Diary of an industry fashion girl: Simone Stocker behinds reports behind scenes from live editorial photoshoot
15 Jul by Joe Miller
Are you considering a career in editorial styling, live for fashion and want to know a little more about a day in the life of an industry fashion stylist or the type of working opportunities offered by LCS? If so, you might want to read Simone Stocker’s behind the scenes report from her day on a live editorial set:
Hi guys, my name is Simone Stocker and I studied the Foundation in Fashion & Personal Styling Diploma at LCS.
During my studies at London College of Style, we were given several opportunities to assist well known fashion stylists, and gain valuable working knowledge and experience.
I was always more than happy to take advantage of these opportunities because we met new people, built helpful contacts, got to see the entire process of the makings of a professional editorial shoot, and we were surrounded by beautiful clothes and loads of make-up. That’s a girl’s dream, right?
It was always (and still is) my dream to work as a stylist, but honestly, working as a stylist is not as sweet as it sounds – it is definitely hard work.
Here is a glimpse of my experience working stylist Kirsty Walker (who recently gradated from LCS Editorial Styling Advanced Diploma and is now working in industry), as the assistant behind the scenes of an editorial shoot for STREETS Magazine.
Preparing the shoot
Everything starts with an idea – a theme or a mood for the shoot. The stylist, the photographer, or the art director creates a visual moodboard to introduce the idea to the rest of the crew.
It is the stylist’s job to source all of the clothes, accessories, shoes and other props. However, emerging stylists usually buy all the clothes and just return them after the shoot. By expanding and building valuable contacts, stylists are then able to directly get the PR companies or emerging designers to lend clothes for the shoots. Unfortunately, for me, the clothes don’t just show up to the shoot locations, so the stylist or stylist assistant has to pickup all the clothes and have them on the set before shooting begins.
The shoot day
An exciting, but exhausting day is ahead. Shoot days are long and start early. Upon arrival, the stylist has to unpack all the clothes, steam everything, sort out the looks, place them on the racks, and pair each look together perfectly. The entire day has to be planned out. Communication with the whole team is key.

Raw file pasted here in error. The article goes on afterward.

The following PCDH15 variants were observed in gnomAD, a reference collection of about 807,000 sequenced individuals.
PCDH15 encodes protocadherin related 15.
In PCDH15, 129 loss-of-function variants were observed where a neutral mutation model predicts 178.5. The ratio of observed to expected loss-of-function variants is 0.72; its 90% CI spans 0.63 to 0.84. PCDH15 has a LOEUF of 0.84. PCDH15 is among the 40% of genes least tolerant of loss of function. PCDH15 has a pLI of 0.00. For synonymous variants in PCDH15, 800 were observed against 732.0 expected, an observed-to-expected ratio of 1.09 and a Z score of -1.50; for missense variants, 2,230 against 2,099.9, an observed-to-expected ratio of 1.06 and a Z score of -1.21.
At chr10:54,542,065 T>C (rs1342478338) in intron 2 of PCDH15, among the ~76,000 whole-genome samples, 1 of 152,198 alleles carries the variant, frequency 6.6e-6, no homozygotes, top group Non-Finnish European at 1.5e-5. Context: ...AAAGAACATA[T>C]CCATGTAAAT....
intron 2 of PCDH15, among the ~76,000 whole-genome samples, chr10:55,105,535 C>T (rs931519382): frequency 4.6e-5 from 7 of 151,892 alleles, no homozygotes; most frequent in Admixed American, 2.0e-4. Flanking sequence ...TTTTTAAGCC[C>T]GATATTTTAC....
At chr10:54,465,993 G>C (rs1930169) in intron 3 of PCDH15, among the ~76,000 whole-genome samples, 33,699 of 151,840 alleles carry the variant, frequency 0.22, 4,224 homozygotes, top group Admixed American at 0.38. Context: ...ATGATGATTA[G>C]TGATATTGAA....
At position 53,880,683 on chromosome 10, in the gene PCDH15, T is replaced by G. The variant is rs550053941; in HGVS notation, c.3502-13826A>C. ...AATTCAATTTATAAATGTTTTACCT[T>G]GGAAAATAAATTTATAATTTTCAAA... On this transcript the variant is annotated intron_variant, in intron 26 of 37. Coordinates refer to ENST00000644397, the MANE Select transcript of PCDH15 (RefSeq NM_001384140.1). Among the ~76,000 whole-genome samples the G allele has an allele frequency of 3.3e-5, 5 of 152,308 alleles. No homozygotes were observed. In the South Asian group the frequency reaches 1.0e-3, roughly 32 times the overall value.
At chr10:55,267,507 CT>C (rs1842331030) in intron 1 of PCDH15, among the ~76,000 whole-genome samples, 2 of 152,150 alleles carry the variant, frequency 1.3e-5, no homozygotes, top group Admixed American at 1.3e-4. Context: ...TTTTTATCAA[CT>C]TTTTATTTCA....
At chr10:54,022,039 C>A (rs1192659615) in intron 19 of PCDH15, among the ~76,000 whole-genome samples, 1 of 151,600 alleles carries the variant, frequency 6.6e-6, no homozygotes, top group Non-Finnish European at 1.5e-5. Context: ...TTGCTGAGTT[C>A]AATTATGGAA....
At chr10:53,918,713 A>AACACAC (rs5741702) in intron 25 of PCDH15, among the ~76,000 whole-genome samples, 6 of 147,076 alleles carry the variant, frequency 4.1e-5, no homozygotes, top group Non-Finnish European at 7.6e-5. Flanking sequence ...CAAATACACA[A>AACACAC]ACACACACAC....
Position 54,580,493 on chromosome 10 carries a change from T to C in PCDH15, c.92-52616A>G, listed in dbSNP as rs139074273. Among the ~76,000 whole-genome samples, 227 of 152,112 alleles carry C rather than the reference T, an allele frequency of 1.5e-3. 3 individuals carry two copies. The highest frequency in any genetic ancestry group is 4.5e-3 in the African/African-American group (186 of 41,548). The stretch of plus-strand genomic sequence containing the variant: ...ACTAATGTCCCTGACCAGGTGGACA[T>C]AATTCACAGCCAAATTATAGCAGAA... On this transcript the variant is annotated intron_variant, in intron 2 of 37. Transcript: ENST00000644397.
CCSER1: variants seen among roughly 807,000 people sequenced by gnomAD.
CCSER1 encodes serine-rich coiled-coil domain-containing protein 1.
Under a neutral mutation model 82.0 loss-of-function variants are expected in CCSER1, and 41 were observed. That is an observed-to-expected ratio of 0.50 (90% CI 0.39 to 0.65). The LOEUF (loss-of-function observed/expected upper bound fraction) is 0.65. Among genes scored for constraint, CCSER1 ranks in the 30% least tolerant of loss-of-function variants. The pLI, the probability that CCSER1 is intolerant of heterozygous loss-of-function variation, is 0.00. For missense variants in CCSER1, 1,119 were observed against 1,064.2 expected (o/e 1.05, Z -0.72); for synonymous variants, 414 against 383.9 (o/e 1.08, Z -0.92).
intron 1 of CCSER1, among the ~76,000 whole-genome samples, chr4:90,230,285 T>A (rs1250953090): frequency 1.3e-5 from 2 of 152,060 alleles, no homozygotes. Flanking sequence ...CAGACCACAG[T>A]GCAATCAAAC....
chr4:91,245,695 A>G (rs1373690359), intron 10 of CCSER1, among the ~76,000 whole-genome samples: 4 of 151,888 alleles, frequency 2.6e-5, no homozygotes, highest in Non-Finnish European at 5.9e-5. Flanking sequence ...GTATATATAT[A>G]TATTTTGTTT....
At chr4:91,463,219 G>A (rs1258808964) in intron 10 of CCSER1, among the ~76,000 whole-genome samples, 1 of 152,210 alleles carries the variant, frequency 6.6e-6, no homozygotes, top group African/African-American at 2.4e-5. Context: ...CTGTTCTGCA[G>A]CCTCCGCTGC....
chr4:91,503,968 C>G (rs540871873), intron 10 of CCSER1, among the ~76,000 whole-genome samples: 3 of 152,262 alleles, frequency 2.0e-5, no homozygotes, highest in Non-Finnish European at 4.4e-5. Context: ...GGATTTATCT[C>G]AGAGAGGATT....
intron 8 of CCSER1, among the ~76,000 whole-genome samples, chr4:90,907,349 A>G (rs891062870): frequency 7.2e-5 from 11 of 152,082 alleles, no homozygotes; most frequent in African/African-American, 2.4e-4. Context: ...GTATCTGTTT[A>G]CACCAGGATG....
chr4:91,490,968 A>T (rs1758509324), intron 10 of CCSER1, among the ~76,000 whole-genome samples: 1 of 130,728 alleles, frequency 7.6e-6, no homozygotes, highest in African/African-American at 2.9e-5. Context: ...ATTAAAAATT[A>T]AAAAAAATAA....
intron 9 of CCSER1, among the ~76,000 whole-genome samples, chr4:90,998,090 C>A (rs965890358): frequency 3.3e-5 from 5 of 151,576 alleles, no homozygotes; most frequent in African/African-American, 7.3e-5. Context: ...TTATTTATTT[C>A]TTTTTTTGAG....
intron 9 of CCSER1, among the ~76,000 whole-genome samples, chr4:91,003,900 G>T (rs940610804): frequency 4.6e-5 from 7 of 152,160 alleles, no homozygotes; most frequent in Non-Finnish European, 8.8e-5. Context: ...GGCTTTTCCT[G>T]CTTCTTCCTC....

Once hair & make-up is done, the stylist then dresses the model and makes sure everything fits perfectly. Pins, clips, needle and thread are often used to help the stylist achieve the perfect fit. It is also the stylist’s job to closely watch as the models move around during the actually shooting to assure that the clothes always look perfect.
For STREETS magazine we shot a whole editorial spread with 9 looks in total. It was the stylist responsibility to document each look, including pictures and credits (brand names) of each outfit and the whole team.
The day after
Work is not done yet for the stylist. After the shoot he / she has to return all the pieces to the PR agencies, designers or shops. This is probably the least favorable part, but somebody has to do it…an assistant 😉
If you want to become a successful stylist it’s so important to catch as many work opportunities as you can and build your industry contacts. You never know who you’ll meet next, so the best advice I can give you is “always be nice“ because they will remember you.
Being a stylist is hard work, but it’s my dream job and my passion. Taking something from your imagination, and actually seeing the outfit perfectly placed on a model is the most rewarding thing ever.
To see the full story published in STREETS Magazine, click here
Rock on, work hard and follow my journey on www.rebelliouslace.com